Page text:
Review by Frank Plowright
The cleverly titled Of Cabbages and Kings presents Bringing Up Father’s newspaper continuity from March 1937 until the end of 1938. The earliest sequence is Jiggs, Maggie and daughter Nora heading to England for the coronation of King George VI, father of Elizabeth II. Jiggs isn’t keen, lasting an entire month of strips before the inevitable capitulation, while almost another month is spent on the ship to London. At the core of the strip, Jiggs hates pomp and ceremony while Maggie revels in high society, so clashing aspirations provide the humour.
A separate continuity occupies the colour Sunday strips, and while the dailies pick up in early March, it’s mid-June when the Sundays catch up with Jiggs and Maggie returned from Britain, and they’re the first supplied. While mildly disappointing, it focuses greater attention on the black and white dailies. The continuity from May 6th to 8th 1937 is provided as the top sample art, gloriously drawn with an enviable delicacy. In addition to George McManus never presenting Maggie twice in the same outfit, smaller details catch the eye: the expressions, the decorative lamp, the backgrounds sometimes just a single object, but always with an ornate flourish, and the customary shine of light reflecting from Jiggs’ polished hat. Background elements may be assistant Zeke Zekley’s contribution. Many jokes are rimshot specials, but creatively constructed, and one about British coffee remained valid fifty years later. Combining hundreds of strips lays bare how McManus lands on a theme, produces every worthwhile joke that occurs, then moves on. The idle son gives way to the lost dog, followed by the eccentric butler… When McManus departs from formula in late 1937 to run random gags, all too many fall back on subjects unseemly today, such as Jiggs hiding the rolling pins, comments on Maggie’s age and appearance, and her dictatorial tendencies. In 1938 he institutes a move back to the old neighbourhood as Jiggs loses his fortune, a problem comically and ingeniously resolved when the jokes have been mined.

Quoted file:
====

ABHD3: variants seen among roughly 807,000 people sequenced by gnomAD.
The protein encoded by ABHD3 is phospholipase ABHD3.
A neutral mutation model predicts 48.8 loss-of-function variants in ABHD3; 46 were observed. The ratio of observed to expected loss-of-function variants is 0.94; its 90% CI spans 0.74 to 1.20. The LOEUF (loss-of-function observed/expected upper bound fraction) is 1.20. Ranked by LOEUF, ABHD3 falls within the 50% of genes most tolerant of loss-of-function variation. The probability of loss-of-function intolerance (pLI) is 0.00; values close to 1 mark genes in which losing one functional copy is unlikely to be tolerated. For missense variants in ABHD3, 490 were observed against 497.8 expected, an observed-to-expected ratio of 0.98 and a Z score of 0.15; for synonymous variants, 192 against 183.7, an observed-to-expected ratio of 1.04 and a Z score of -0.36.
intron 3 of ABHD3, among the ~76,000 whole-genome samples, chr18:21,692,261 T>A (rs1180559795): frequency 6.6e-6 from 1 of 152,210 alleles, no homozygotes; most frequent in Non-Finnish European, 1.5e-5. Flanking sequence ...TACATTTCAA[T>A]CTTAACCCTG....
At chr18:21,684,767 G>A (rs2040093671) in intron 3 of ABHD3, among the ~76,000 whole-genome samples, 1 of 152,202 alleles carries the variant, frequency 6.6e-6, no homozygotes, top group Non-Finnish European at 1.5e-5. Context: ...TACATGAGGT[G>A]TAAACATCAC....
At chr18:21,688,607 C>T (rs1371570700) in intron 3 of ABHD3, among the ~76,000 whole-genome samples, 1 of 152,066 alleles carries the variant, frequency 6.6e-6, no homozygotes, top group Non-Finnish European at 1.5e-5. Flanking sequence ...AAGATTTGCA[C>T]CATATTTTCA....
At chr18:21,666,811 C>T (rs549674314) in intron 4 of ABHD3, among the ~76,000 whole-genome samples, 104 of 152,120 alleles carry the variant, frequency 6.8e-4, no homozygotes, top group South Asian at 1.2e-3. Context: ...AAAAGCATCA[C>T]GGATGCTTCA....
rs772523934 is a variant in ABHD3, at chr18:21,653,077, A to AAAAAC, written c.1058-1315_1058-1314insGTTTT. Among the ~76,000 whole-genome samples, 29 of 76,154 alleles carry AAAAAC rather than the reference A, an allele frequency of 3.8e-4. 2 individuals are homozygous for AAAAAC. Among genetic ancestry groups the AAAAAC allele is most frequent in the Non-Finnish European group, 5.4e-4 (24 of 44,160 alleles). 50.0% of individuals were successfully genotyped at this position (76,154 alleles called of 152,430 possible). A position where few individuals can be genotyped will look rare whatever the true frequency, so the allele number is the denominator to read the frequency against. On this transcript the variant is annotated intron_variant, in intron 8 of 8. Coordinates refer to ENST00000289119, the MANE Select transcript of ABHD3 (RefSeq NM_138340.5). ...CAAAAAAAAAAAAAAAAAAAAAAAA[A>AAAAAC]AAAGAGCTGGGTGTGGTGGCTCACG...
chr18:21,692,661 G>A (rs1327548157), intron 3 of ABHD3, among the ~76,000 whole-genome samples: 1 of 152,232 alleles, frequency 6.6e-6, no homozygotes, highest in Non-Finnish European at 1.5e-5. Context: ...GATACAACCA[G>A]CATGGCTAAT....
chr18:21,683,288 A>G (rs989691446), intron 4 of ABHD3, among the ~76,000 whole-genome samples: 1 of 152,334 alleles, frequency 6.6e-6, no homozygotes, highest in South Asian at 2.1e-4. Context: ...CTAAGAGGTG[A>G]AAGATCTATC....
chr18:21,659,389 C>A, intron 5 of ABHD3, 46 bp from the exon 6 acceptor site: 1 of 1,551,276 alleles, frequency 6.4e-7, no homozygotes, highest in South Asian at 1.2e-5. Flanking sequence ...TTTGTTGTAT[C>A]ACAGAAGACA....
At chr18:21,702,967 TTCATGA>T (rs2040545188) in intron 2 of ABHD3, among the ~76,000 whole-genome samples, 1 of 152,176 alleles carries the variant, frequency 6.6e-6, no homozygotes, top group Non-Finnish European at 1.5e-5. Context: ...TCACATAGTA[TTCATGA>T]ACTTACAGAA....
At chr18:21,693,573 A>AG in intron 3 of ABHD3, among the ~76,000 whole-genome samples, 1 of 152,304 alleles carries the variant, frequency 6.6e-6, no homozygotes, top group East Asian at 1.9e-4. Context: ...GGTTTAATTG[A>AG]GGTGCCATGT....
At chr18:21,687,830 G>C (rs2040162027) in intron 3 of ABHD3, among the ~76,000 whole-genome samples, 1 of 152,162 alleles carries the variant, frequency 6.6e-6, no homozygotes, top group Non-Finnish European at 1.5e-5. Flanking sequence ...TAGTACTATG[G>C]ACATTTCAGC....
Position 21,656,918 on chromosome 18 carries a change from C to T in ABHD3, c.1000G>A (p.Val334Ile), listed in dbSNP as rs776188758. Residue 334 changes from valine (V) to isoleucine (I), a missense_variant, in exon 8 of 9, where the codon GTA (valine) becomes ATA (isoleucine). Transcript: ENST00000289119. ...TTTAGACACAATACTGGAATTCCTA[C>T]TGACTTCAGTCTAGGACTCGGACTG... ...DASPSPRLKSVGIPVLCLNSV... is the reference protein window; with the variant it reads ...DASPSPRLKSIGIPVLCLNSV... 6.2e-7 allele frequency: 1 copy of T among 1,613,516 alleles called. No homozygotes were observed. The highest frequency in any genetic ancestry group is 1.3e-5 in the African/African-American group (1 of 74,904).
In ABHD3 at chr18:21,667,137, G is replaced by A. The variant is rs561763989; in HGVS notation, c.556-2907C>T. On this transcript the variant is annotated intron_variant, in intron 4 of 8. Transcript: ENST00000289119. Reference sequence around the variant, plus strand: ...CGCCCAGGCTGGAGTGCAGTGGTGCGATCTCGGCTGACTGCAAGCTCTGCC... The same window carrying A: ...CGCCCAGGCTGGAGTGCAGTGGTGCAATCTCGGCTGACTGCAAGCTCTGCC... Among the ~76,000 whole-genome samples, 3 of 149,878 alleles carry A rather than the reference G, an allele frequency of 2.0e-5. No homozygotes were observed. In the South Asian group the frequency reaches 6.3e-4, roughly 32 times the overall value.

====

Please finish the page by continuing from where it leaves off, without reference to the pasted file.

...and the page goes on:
The colour strips look sumptuous. A hallmark of IDW’s Library of American Comics line is the superlative production, and the late Dale Crain’s diligent restoration leaves clear linework and bright colour allowing a renewed appreciation for McManus’ talent. The art speaks for itself, but the writing is the surprise. When not linked by a theme, McManus produces beautifully paced and often pithy ten to twelve panel comedy dramas, many prompted by Maggie’s snobbery and sense of self-importance. Stylistic fallbacks are revealed by combining 18 months of Sunday pages, but nearly all popular comedy relies on the repetition of characters never learning from their mistakes. A beautifully composed gag about social hypocrisy before and after a dinner party is a superior example of the general tone, as is Jiggs getting his finger stuck in a bowling ball when he’s supposed to be at the opera. Sometimes McManus really surprises. He plays with form as Sir Von Platter’s forgetfulness is whimsically transferred to the short strip McManus ran above his Sunday Bringing Up Father feature.
Beyond Jiggs’ family, Von Platter is the nearest to a supporting character, his amiable amnesia seen in both the daily and Sunday continuity, but his jokes eventually repetitive and obvious. It’s a rare lapse in what’s otherwise a beautifully constructed strip, dated in some respects, but the art sumptuous. A production error results in three January 1938 strips being repeated on the same days in February, but three missing strips are really neither here nor there. Anyone wanting to follow Bringing Up Father’s continuity is directed to companion volume From Sea to Shining Sea, which covers 1939 and 1940.